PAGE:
It was not until recently that the neuroscientist and physician, Matthew Schrag, reported irregularities with Figure 2a, as shown in the Science report. Schrag noticed that bands from samples of differently aged mice looked very similar, and suspected they could have been duplicated. A manipulation of this type can falsely show the presence of a protein or higher/lower levels compared to a different sample. Using software tools, Schrag found such bands were much more similar than commonly expected for bands from different samples, since these bands typically display irregular shapes. Schrag had previously found posts in a research forum called PubPeer in which other researchers reported duplicated bands in figures from later papers citing Lesné’s work (Larson et al., 2012a, Larson et al., 2012b, Amar et al., 2017), an observation that he also confirmed.
The concerns raised about these papers have severe consequences: other labs have based their investigations on the findings reported in these papers. Lesné’s paper has obtained around 3,000 citations since its publication, which indicates the work has been quite influential. However, some researchers have been unable to replicate these findings and have suggested there was insufficient proof of a link between oligomer presence and cognitive deterioration (Shankar et al., 2009). Other groups may have obtained similar results and refrained from publishing them to avoid contradicting such influential work by Lesné and colleagues. Thus, precious resources and effort in the field of Alzheimer’s research might have been wrongly oriented due to Lesné’s 2006 paper. Honest communication of procedures and results is the pillar of research, so fraudulent activity severely hinders its progress. This should never be tolerated in any field of science. Ongoing investigations will reveal if the reported accusations are true – and in such case, authors will hopefully take responsibility. To avoid situations like these going forward, encouraging the appreciation and publication of unexpected or negative results would help to identify fabricated or irreproducible work.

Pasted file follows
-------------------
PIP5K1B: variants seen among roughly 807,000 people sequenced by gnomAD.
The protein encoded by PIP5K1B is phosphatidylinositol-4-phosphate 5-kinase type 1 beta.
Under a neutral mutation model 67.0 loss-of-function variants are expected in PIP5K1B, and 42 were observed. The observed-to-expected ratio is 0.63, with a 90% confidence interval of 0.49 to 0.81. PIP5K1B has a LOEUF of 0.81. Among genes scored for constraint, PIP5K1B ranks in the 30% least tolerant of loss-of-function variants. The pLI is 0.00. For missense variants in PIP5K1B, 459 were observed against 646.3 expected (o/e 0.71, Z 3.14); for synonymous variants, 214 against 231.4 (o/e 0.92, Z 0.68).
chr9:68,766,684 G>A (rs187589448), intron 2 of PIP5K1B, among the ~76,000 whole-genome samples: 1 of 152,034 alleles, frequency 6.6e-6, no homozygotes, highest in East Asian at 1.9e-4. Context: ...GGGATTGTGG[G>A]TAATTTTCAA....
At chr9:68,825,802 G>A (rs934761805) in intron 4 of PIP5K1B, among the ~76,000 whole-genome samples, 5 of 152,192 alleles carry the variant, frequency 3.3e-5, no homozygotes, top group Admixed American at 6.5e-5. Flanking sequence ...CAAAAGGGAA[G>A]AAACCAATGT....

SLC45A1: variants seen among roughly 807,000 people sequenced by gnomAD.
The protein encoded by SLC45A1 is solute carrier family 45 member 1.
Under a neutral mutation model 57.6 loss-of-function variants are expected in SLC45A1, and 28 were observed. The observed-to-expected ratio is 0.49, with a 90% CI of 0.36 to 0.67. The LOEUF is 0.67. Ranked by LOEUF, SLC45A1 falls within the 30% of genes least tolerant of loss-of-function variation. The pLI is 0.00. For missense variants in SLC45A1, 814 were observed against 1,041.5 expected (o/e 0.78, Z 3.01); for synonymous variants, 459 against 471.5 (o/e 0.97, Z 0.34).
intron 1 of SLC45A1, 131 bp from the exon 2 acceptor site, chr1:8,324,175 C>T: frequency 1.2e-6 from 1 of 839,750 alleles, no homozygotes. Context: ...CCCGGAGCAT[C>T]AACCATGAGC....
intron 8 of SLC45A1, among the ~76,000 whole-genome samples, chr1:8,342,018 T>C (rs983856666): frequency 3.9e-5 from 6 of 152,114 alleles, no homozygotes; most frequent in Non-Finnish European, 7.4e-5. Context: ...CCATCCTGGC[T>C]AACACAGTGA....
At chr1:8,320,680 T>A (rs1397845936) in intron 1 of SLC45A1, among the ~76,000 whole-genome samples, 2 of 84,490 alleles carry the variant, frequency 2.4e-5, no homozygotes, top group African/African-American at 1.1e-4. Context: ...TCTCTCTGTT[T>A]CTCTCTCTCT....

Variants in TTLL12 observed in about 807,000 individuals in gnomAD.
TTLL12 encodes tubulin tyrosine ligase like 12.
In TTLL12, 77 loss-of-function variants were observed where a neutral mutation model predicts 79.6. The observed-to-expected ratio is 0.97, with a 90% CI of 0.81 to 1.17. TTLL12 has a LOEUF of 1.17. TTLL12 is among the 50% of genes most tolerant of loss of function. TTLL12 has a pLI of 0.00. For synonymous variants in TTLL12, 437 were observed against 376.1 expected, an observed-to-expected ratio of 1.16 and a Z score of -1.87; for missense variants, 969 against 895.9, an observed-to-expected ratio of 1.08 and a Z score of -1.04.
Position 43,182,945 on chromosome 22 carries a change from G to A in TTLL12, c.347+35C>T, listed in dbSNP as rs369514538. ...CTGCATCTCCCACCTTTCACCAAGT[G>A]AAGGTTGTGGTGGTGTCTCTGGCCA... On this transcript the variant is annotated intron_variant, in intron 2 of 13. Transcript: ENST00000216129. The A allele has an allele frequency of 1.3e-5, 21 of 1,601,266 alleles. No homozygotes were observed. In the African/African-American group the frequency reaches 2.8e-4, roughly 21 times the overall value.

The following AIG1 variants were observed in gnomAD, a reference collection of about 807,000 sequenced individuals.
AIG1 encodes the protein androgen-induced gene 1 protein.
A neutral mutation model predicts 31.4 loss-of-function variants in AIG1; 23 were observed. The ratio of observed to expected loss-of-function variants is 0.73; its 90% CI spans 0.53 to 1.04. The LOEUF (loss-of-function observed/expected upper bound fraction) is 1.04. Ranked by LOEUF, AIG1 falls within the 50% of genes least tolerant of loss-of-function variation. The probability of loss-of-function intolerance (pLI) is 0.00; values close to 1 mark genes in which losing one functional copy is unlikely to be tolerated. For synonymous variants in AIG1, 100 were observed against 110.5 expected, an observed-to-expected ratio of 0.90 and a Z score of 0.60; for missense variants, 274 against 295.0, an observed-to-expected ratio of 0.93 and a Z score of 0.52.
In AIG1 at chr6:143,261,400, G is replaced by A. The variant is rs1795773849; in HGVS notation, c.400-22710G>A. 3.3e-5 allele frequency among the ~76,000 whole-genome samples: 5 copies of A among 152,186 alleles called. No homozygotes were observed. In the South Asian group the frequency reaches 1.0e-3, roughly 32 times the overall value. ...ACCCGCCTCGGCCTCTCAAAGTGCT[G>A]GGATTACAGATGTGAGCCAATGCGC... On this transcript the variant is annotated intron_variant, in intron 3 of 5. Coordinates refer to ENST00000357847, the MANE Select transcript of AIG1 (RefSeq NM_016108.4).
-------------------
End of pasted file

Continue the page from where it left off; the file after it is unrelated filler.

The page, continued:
…the independent contribution of the amyloid Aβ*56 oligomer to cognitive deficits in AD should be questioned…
All in all, it is safe to say that this news does not threaten the role of amyloid-beta as a key element of AD. The Science report does, however, show that the independent contribution of the amyloid Aβ*56 oligomer to cognitive deficits in AD should be questioned, and fraudulent activity should be accordingly investigated. Yet, media reports on the topic included hyperbolic statements that do not help the field, patients or caregivers: the relevance of amyloid-beta as a key element in this disease is not at stake. The original tau and amyloid hypotheses have been refined by recent advances in neuroimaging and biomarkers, supporting the idea that both proteins – as well as other mechanisms such as inflammation – come together to influence AD development. Research can only contribute to progression in society if it is reproducible, and fraud could be prevented through more open publishing procedures and less reductionist press headlines.
Written by Diana Ortega Cruz
Illustrated by Himani Arora
Edited by Lauren Wagner, Justin McMahon, and Talia Oughourlian